The Mill Process

Unfortunately to process yarn it is not as simple as feeding the raw fleece into a machine one end and have it spit out the finished yarn at the other.

There are a number of different machines involved, each doing a specialised operation to insure a quality product at the end.

  1. Washing & Drying.

  2. The first thing that happens is the fleece is washed gently for a minimum of 3 hours before being dried. Washing only removes the loose dirt but not the vegetable matter. The twisted suri locks and matted huacaya tips also encase the dirt making it very hard to get it totally clean. On average, I wash out 10 -15% of the initial weight.

  3. Picking.

  4. The fibre is fed through the picker to break up the staples and loosen any dirt or vegetable matter that is entangled in the fleece. From the picker, the fibre is sprayed with conditioning oils to assist with the rest of the process.

  5. Dehairer.

  6. This is definitely the slowest and most time consuming of all the processes but one of the most important machines. The fleece is fed into the dehairer and it separates the course and short fibres and vegetable matter from the rest of the fleece. It stands to reason the coarser a fleece is, or if a fleece has a low comfort factor, or it contains fibre that could have been removed by hand skirting, the more that will be lost in this processing cycle. Unfortunately the dehairer canít remove all the vegetable matter, I believe it only removes approx 80%. Heavily contaminated fleeces will have small pieces of vegetable matter left in the finished yarn. Also, the finer the micron the harder it is to remove vegetable matter, particularly with cria fleeces . This process takes the longest time but it is worth the wait when you feel the fibre coming out the end of the dehairer, it is well, simply heavenly!

  7. Carding.

  8. This is the most important process. Here the randomly placed dehaired fibres are aligned and transformed into a continuous web. This web is consolidated into a roving that is then further processed into yarn or it can be packaged as a bump for hand spinners. The web can also be turned into batts, which can be used for felting or quilt making.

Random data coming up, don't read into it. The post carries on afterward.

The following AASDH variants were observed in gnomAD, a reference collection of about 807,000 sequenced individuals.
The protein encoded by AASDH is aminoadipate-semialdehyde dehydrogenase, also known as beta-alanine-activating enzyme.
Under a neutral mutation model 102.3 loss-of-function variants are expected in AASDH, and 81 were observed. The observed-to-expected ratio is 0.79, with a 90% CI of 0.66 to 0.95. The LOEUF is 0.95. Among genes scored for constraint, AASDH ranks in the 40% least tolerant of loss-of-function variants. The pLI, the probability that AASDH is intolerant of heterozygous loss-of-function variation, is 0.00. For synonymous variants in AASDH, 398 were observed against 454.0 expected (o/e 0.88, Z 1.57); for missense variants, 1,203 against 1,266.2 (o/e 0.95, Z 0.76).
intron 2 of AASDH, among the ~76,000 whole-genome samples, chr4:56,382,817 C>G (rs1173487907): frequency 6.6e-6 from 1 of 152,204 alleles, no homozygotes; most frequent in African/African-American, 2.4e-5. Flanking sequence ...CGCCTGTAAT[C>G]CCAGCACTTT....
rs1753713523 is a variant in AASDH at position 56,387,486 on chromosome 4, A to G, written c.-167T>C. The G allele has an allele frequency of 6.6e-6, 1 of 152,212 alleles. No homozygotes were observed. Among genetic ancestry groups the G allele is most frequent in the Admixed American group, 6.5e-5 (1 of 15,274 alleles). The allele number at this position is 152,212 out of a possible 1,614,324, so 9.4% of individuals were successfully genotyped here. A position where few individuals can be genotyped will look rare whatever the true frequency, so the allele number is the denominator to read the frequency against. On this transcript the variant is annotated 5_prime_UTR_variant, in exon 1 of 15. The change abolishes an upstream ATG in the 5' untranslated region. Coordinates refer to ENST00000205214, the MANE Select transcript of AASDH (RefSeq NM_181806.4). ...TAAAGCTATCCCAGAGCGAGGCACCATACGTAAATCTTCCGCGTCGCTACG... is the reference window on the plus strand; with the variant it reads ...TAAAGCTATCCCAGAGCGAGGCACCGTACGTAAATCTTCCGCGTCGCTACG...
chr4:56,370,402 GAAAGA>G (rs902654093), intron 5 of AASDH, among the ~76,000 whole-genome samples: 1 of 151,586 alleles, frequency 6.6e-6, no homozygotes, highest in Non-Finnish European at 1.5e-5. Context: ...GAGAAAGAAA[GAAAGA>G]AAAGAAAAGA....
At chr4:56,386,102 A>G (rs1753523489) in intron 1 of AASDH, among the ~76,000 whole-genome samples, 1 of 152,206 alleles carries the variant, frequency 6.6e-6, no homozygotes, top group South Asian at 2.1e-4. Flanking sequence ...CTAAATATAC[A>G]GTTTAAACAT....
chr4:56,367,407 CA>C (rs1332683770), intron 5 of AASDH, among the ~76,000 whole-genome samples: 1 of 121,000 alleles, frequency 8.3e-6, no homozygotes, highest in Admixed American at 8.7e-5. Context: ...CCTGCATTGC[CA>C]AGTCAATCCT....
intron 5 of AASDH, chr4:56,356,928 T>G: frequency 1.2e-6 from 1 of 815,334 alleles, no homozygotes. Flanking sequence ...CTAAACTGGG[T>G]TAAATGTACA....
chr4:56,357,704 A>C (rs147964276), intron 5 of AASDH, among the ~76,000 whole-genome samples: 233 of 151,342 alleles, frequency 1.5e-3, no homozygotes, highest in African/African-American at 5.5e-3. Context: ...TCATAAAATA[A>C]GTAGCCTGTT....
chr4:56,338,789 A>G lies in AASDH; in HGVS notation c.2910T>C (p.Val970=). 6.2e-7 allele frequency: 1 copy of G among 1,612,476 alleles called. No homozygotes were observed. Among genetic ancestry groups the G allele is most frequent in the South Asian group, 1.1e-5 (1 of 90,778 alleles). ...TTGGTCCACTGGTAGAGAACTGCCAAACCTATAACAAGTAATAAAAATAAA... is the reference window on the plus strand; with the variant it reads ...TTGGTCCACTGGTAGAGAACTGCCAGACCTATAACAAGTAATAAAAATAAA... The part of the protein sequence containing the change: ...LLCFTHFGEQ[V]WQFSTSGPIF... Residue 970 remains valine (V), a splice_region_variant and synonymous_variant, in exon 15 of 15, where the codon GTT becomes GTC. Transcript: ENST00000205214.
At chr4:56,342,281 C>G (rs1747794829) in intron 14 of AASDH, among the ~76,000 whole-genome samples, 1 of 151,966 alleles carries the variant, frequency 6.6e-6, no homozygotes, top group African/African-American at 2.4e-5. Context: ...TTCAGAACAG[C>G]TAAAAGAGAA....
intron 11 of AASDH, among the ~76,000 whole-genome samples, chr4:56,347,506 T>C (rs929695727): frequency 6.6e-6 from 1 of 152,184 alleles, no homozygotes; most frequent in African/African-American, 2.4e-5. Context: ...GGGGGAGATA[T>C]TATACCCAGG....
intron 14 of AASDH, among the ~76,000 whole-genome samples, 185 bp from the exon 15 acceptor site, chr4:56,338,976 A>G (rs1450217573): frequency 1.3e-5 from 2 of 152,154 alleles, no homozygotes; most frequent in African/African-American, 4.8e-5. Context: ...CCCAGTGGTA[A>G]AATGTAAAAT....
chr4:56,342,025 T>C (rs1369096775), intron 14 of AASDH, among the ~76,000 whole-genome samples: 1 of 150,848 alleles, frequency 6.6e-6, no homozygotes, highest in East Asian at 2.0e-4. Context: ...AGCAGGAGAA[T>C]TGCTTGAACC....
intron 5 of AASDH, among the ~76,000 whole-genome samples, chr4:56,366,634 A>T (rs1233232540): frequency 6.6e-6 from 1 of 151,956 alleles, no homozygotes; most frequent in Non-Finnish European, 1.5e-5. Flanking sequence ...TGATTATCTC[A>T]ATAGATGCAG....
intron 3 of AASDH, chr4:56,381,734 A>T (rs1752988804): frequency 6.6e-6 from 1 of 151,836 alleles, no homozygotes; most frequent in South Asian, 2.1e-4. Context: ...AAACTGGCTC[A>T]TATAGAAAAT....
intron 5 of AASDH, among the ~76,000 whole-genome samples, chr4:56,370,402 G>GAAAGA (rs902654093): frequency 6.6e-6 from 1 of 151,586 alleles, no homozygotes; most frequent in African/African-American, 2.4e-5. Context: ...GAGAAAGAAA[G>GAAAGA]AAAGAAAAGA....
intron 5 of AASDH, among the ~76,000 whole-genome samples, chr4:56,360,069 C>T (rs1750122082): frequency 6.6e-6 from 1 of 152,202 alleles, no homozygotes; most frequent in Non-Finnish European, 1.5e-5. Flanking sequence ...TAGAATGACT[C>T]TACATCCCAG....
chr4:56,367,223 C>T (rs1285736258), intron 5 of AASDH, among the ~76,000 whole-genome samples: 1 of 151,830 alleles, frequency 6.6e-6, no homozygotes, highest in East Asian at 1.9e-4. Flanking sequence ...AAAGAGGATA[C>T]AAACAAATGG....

9. Drawframe.

  10. The rovings from the carder are fed a number of times through the draw frame. At each pass the fibres are drawn out further making a finer, more consistent and uniform roving ready for the spinner.

  11. Spinner.

  12. Transforms the rovings into a high quality spun yarn. Here the thickness and twist of the yarn (strands) can be fully adjusted to suit individual requirements. Here I need to find the balance between softness and durability of the yarn. Less twist and the yarn feels beautiful and soft, but doesnít wear well. Too much twist, very durable but feels harsh. If the micron or SD is high, the yarn can also feel harsh, no matter how little twist I use. I also need to have a higher twist on short yarns just to hold them together. Our climate is also a major factor in processing fleece, with both the fleece and machinery impacted by weather conditions Ė too hot, too humid, too cold, and too dry or even too windy There are no auto settings and each run needs to be adjusted to suit the fleece and conditions. The fact that no two fleeces are the same can make the process of spinning up fleeces quite a challenging proposition. Spinning the yarn is also one of the more time consuming processes, with the finer the yarn required, the longer it takes to spin which also flows on to increase the time with all the remaining processes.

  13. Plying.

  14. The individual strands are plyed back on themselves producing a well balanced yarn.Again the twist is fully adjustable, the yarn has to have enough twist to hold the strands together and not too much that it isnít balanced, ie it doesnít twist back on itself when it is held loosely.

  15. Cone winding and Steaming.

  16. The yarn is wound onto a cone and any knots or breaks are spliced together ensuring a continuous yarn for the end user. The yarn is then steamed to set the twist.

  17. Skeins/ball winding

  18. Finally the yarn is wound into skeins or balls depending on individual requirements.